(author: $gabriel, parent: $post-1, comment: $comment-1) isa commenting;
  $comment-2 isa comment,
    has comment-text "Thanks, Gabriel! I'm glad you found the tutorial helpful. Integrating some of those concepts into our next project sounds like a fantastic idea. Let's discuss it further — your expertise with tech and gadgets will be invaluable. Excited to see what we can create together!",
    has tag "#Collaboration",
    has tag "#Innovation";
  (author: $mario, parent: $comment-1, comment: $comment-2) isa commenting;
  $comment-3 isa comment,
    has comment-text "Definitely check out ArangoDB! It's a multi-model database that handles graphs really well and offers great performance.",
    has tag "#ArangoDB",
    has tag "#GraphDatabases";
  (author: $gabriel, parent: $post-2, comment: $comment-3) isa commenting;
  (author: $gabriel, parent: $post-1) isa reaction,
    has emoji "like";
  (author: $mario, parent: $comment-1) isa reaction,
    has emoji "love";
  (author: $mario, parent: $comment-3) isa reaction,
    has emoji "like";
  (author: $mario, poll: $post-2) isa response,
    has answer "TypeDB",
    has answer "Neo4j";
  (author: $gabriel, poll: $post-2) isa response,
    has answer "TypeDB",
    has answer "Other (comment below)";

Now we can run the following query, which will list the posts in the Knowledge Graphs group, and for each post, show which users have engaged and how.

match
  $kg-group isa page, has name "Knowledge Graphs";
  (page: $kg-group, post: $post) isa posting;
  $post isa! $post-type, has post-text $post-text;
fetch
  $post-type;
  $post-text;
  engagements: {
    match
      (author: $author, content: $post) isa! $engagement-type;
      $author has username $username;
    fetch
      $username;
      $engagement-type;
  };
{
    "post-type": { "label": "video-post", "root": "entity" },
    "post-text": { "value": "Hey everyone! I put together a quick tutorial on how to build a basic knowledge graph using open-source tools. It’s a step-by-step guide perfect for beginners. Let me know if you have any questions or need further clarification!", "type": { "label": "post-text", "root": "attribute", "value_type": "string" } },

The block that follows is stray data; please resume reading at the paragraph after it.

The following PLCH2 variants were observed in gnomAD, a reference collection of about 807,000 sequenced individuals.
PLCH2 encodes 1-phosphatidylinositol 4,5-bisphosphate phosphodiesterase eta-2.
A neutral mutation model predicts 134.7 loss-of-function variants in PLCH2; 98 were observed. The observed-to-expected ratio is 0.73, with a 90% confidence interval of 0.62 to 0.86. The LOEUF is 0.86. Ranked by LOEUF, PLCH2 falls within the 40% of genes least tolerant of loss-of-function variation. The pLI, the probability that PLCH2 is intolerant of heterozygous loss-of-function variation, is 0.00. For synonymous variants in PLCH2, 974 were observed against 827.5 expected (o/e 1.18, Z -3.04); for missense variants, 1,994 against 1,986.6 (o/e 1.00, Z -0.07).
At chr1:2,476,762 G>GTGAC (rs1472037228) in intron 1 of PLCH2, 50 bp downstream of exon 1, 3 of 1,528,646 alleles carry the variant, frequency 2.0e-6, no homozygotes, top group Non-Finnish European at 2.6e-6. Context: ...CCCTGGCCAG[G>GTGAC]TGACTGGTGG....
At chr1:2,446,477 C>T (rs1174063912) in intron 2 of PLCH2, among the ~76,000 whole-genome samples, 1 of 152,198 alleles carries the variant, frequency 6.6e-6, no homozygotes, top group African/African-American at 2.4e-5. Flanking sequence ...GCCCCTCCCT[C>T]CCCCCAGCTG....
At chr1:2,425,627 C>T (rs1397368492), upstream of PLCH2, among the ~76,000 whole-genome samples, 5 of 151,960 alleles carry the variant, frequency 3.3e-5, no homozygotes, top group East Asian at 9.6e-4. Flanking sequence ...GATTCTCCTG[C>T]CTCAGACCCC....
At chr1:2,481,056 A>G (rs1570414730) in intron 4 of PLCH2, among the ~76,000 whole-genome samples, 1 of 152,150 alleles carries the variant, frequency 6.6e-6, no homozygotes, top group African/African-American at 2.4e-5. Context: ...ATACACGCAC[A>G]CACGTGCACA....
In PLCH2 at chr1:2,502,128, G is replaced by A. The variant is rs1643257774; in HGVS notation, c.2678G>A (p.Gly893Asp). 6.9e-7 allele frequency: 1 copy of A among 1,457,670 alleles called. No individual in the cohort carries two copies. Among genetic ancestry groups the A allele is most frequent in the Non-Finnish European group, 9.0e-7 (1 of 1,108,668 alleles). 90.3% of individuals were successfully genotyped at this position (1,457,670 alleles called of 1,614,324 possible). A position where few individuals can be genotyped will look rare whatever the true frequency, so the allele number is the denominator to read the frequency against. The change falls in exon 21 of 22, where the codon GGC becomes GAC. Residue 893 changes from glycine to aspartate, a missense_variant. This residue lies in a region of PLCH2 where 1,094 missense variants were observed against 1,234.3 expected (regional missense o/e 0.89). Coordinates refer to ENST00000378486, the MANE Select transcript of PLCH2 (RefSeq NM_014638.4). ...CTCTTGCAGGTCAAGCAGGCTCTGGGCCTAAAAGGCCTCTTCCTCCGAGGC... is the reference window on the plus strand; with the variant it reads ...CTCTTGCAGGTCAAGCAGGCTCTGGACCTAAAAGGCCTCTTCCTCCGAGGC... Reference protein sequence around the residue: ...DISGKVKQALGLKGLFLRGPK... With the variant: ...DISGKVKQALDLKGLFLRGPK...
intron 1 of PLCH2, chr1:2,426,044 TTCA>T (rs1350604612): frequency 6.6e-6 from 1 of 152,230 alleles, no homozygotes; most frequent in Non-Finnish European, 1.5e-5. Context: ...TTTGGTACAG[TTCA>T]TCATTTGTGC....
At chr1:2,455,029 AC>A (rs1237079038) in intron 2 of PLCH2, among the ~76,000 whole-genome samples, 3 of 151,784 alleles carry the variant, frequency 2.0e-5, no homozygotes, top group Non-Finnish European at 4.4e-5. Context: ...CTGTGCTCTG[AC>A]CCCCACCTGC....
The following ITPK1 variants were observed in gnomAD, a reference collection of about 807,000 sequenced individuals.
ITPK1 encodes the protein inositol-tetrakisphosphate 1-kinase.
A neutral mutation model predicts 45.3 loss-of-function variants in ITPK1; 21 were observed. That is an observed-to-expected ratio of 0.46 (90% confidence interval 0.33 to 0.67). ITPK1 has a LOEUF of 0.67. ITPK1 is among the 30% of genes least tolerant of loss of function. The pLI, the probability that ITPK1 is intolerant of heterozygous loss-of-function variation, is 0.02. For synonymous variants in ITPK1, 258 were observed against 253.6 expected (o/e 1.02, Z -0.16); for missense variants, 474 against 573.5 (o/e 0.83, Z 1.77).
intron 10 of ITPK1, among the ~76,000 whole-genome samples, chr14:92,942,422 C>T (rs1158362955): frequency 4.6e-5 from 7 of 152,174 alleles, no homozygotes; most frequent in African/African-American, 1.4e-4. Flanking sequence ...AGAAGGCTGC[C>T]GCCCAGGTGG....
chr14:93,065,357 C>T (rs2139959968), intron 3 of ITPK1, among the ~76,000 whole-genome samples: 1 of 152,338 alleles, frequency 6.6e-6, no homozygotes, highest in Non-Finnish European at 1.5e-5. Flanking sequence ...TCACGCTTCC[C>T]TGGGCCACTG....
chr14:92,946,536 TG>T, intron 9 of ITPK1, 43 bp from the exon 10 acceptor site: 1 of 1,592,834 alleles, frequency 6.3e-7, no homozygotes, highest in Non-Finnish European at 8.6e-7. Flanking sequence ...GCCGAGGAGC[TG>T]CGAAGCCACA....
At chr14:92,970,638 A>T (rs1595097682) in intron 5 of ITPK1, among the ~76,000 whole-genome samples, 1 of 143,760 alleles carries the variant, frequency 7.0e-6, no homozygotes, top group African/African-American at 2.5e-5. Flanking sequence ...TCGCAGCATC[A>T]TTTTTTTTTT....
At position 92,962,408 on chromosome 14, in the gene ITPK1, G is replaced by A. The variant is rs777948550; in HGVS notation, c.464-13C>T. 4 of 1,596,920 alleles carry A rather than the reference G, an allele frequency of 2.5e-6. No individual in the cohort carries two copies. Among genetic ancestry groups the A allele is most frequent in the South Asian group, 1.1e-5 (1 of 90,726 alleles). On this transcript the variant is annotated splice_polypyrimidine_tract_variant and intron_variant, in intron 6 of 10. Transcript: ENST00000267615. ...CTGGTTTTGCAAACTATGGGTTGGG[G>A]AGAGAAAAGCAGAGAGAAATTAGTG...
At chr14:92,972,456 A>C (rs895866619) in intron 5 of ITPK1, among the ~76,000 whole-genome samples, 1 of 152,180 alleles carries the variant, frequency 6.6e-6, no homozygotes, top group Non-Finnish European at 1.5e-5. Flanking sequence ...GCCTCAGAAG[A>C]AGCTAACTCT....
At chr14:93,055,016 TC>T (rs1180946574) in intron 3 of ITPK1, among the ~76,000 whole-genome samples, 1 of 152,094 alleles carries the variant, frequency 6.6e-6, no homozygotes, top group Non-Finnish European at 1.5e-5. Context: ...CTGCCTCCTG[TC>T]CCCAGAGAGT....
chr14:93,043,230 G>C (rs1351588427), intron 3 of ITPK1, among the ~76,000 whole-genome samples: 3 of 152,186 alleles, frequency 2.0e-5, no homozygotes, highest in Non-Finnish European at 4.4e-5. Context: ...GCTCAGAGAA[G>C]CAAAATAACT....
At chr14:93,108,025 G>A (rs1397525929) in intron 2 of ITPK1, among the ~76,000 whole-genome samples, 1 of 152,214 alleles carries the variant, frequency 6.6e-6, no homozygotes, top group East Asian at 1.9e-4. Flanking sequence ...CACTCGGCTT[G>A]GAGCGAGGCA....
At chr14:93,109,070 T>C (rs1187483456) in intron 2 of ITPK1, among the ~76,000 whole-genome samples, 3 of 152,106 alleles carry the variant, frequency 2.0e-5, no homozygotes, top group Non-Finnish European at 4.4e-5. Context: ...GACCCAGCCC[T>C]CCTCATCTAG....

"engagements": [
        {
            "username": { "value": "@MarioSantos", "type": { "label": "username", "root": "attribute", "value_type": "string" } },
            "engagement-type": { "label": "sharing", "root": "relation" }
        },
        {
            "username": { "value": "@GabrielMedina", "type": { "label": "username", "root": "attribute", "value_type": "string" } },
            "engagement-type": { "label": "commenting", "root": "relation" }
        },
        {
            "username": { "value": "@GabrielMedina", "type": { "label": "username", "root": "attribute", "value_type": "string" } },
            "engagement-type": { "label": "reaction", "root": "relation" }
        }
    ]
}
{
    "post-type": { "label": "poll-post", "root": "entity" },
    "post-text": { "value": "I'm curious to know which tools you all prefer for creating knowledge graphs. Let's see what the community thinks!", "type": { "label": "post-text", "root": "attribute", "value_type": "string" } },